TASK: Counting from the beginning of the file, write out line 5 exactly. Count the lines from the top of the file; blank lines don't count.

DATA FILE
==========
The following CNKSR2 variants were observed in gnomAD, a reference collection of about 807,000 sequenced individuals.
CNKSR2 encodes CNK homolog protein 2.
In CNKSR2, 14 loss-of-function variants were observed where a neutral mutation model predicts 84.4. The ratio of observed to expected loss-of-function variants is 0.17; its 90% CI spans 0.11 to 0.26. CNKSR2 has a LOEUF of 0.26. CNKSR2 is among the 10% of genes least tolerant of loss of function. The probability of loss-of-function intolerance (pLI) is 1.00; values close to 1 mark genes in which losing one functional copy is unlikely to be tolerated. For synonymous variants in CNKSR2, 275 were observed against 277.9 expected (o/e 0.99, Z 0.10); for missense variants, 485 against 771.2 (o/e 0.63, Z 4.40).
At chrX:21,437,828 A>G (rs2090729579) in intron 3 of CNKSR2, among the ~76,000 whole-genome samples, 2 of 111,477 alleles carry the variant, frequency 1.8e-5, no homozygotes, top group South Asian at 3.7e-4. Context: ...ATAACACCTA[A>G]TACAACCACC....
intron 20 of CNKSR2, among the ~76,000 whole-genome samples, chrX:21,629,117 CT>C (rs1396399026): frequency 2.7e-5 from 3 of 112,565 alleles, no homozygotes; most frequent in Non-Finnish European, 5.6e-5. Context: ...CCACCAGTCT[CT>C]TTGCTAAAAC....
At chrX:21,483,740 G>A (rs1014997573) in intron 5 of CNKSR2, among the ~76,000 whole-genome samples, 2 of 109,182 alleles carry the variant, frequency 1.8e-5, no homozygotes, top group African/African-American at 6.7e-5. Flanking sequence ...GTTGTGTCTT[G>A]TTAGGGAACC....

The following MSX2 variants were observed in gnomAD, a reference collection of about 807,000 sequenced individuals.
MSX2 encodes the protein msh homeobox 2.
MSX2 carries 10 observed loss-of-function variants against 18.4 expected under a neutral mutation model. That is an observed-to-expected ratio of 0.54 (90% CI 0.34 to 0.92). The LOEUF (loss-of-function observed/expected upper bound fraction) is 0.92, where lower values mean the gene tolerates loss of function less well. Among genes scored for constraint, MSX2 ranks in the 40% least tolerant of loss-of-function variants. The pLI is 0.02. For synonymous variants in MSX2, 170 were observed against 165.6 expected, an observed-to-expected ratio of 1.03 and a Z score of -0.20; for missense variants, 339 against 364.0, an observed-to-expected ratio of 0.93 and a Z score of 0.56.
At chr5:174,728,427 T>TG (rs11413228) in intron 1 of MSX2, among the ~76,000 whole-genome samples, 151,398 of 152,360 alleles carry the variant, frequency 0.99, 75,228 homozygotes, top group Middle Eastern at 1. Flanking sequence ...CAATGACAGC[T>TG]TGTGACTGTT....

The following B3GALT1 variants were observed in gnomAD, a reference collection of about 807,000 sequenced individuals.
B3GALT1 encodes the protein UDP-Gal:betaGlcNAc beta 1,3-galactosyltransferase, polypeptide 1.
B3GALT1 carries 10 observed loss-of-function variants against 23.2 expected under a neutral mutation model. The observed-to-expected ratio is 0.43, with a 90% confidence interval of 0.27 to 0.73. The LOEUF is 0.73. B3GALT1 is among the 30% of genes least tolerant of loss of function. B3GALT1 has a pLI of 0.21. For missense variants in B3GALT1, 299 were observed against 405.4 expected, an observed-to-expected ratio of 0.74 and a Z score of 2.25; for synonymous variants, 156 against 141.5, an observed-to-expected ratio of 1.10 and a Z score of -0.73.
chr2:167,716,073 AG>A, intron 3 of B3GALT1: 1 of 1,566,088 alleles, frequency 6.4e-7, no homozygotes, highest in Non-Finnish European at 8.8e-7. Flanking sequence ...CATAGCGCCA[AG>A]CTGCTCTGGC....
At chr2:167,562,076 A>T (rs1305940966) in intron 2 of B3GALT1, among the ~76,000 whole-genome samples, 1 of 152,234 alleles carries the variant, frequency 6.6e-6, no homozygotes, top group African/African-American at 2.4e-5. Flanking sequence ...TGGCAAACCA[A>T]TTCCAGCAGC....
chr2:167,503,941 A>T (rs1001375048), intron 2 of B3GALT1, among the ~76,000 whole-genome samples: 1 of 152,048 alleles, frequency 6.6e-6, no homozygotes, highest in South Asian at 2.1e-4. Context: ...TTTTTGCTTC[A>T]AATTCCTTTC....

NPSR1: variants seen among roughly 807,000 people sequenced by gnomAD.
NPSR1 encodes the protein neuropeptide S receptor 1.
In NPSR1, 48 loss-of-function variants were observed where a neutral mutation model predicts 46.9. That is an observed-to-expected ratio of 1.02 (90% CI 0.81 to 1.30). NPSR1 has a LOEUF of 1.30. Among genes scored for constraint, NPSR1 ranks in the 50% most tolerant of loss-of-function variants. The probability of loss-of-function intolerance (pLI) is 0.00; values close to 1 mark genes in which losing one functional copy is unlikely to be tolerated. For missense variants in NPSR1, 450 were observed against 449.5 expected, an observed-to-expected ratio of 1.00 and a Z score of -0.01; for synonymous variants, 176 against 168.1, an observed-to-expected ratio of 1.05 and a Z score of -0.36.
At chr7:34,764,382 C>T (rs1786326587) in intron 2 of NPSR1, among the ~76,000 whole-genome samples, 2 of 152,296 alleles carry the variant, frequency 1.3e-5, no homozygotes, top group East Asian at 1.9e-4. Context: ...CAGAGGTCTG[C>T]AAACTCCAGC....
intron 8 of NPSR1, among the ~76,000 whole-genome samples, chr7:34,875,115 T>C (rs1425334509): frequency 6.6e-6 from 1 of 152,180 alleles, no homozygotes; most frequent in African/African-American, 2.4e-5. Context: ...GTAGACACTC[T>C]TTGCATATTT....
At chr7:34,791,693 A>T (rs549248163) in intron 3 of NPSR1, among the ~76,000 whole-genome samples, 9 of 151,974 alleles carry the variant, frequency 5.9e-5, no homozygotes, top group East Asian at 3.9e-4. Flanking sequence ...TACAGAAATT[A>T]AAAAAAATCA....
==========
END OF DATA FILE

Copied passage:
intron 20 of CNKSR2, among the ~76,000 whole-genome samples, chrX:21,629,117 CT>C (rs1396399026): frequency 2.7e-5 from 3 of 112,565 alleles, no homozygotes; most frequent in Non-Finnish European, 5.6e-5. Context: ...CCACCAGTCT[CT>C]TTGCTAAAAC....